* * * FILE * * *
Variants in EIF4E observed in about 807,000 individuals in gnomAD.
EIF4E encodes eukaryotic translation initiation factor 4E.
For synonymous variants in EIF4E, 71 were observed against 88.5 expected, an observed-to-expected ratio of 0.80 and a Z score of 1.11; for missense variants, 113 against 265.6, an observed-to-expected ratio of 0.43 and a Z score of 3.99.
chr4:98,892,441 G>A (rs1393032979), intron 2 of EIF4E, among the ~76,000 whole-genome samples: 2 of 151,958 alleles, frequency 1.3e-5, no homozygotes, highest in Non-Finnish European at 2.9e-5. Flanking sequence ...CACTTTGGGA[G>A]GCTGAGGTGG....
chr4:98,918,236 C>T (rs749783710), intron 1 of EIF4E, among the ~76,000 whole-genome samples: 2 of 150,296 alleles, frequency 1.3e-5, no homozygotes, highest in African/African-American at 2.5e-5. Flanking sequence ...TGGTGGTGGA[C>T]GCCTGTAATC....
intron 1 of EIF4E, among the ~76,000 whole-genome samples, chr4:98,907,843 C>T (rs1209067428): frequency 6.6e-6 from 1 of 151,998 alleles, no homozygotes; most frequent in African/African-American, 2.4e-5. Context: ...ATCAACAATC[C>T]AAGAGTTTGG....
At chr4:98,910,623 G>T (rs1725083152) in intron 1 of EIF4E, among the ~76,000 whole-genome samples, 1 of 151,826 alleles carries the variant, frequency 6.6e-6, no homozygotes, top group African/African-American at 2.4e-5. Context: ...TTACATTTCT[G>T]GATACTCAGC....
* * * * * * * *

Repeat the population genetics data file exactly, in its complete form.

Variants in EIF4E observed in about 807,000 individuals in gnomAD.
EIF4E encodes eukaryotic translation initiation factor 4E.
For synonymous variants in EIF4E, 71 were observed against 88.5 expected, an observed-to-expected ratio of 0.80 and a Z score of 1.11; for missense variants, 113 against 265.6, an observed-to-expected ratio of 0.43 and a Z score of 3.99.
chr4:98,892,441 G>A (rs1393032979), intron 2 of EIF4E, among the ~76,000 whole-genome samples: 2 of 151,958 alleles, frequency 1.3e-5, no homozygotes, highest in Non-Finnish European at 2.9e-5. Flanking sequence ...CACTTTGGGA[G>A]GCTGAGGTGG....
chr4:98,918,236 C>T (rs749783710), intron 1 of EIF4E, among the ~76,000 whole-genome samples: 2 of 150,296 alleles, frequency 1.3e-5, no homozygotes, highest in African/African-American at 2.5e-5. Flanking sequence ...TGGTGGTGGA[C>T]GCCTGTAATC....
intron 1 of EIF4E, among the ~76,000 whole-genome samples, chr4:98,907,843 C>T (rs1209067428): frequency 6.6e-6 from 1 of 151,998 alleles, no homozygotes; most frequent in African/African-American, 2.4e-5. Context: ...ATCAACAATC[C>T]AAGAGTTTGG....
At chr4:98,910,623 G>T (rs1725083152) in intron 1 of EIF4E, among the ~76,000 whole-genome samples, 1 of 151,826 alleles carries the variant, frequency 6.6e-6, no homozygotes, top group African/African-American at 2.4e-5. Context: ...TTACATTTCT[G>T]GATACTCAGC....